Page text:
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welcome back to "the exchange." we have siege pressure intensify in the markets all session long. the dow low is 950, we're 20 points off that. the nasdaq, the worst performer, down 3.4%. let's take a look at the megacap names, which are all firmly in the red. you can see, for instance, apple, second worst performer in the dow today, down 4.5% alphabet down almost 5%. microsoft and amazon down big at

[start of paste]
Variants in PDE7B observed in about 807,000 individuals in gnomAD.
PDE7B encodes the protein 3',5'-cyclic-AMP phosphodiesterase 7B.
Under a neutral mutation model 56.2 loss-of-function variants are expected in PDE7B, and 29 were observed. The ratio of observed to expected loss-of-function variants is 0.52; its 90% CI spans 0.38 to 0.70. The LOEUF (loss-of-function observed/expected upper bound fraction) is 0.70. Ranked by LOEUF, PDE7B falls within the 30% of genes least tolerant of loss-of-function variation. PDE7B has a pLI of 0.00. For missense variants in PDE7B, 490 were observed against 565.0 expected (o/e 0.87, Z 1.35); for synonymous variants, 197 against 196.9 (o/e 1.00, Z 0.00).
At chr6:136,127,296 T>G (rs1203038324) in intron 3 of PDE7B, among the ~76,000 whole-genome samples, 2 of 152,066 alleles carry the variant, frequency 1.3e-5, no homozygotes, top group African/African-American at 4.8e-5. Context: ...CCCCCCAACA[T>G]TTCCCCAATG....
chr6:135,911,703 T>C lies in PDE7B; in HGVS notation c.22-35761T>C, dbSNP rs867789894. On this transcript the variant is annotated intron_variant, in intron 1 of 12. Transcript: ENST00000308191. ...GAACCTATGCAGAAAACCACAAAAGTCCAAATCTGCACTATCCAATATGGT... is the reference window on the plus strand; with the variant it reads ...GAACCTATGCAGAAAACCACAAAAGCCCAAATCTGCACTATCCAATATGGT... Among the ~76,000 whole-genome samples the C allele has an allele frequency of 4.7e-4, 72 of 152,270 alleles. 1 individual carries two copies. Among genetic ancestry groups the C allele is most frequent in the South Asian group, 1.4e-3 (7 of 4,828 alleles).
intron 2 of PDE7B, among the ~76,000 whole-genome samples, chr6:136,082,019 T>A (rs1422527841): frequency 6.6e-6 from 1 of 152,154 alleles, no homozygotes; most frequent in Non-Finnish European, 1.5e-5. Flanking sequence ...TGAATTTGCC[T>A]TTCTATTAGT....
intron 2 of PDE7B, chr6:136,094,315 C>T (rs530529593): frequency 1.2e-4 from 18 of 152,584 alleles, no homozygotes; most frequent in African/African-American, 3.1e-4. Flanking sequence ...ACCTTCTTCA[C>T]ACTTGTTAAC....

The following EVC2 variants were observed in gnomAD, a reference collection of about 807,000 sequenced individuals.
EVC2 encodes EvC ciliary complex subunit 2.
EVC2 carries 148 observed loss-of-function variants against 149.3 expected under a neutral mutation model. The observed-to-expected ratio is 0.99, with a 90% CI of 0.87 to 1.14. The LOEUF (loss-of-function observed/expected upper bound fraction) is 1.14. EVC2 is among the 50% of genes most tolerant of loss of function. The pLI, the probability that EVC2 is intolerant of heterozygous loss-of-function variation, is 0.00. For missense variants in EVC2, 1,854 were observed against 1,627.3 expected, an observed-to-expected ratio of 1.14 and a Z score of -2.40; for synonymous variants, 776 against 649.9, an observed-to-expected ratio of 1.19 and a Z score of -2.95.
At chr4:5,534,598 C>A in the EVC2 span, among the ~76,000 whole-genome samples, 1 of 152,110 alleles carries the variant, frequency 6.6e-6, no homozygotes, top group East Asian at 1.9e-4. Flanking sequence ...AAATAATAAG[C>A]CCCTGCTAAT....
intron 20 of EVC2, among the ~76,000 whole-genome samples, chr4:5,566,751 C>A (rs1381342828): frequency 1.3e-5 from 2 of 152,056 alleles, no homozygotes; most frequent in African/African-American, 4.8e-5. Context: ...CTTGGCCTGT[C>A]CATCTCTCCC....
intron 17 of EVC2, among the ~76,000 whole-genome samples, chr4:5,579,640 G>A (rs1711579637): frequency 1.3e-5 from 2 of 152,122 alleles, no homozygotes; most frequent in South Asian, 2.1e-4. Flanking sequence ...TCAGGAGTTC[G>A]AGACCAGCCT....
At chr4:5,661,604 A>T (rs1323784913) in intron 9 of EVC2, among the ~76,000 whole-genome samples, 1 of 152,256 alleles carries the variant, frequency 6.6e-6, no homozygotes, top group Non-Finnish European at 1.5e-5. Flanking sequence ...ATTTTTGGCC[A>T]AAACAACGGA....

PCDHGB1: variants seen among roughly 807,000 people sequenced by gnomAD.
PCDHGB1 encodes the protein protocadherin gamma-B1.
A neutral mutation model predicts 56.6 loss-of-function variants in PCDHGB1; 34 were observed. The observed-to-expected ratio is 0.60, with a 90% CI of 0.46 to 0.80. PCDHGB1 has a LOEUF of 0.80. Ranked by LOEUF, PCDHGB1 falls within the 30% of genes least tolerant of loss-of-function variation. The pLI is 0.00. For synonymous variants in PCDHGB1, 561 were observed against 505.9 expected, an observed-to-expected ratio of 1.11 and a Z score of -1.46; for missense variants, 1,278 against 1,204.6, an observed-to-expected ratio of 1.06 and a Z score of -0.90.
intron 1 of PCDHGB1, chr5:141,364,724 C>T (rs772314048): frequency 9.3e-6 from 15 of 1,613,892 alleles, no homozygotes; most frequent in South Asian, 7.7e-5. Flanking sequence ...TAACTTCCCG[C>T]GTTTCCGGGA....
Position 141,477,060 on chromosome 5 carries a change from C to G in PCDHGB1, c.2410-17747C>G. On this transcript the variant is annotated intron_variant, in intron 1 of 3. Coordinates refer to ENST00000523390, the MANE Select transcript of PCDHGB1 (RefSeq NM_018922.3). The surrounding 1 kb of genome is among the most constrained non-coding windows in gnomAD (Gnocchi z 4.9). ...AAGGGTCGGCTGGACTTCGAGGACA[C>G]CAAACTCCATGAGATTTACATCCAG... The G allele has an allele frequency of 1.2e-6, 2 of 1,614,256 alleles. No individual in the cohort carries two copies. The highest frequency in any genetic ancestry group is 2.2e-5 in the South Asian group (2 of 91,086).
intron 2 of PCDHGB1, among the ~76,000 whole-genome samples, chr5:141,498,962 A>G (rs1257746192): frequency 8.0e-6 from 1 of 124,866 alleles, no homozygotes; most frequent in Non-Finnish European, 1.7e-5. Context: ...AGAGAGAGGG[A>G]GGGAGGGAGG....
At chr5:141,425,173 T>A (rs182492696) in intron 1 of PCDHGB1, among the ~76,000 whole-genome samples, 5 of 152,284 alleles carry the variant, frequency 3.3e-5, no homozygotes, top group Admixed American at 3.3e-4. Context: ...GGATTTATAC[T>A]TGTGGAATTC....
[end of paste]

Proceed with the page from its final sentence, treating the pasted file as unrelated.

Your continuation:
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least for them, too. and netflix is having its worst day since december, on a report that they're returning money to advertisers after falling short of surviewership guarantees the stock is down 9.5%. roblox is getting slammed after showing a month-after-month drop in daily active users and lower than expected growth in year over year bookings these shares are down 17% since january and 17% just today tesla is actually one of the few outperformers in the nasdaq today, but we're still talking about its lowest level since about november 2020, this after an s.e.c. filing showed that elon musk sold another $3.6 billion worth of shares. this spring, he said he was done his yearly sales now this year are nearly $40 billion the stock is down 55% since january and is about to close out its worst year ever as a public company interestingly enough, up half a percent after all of that news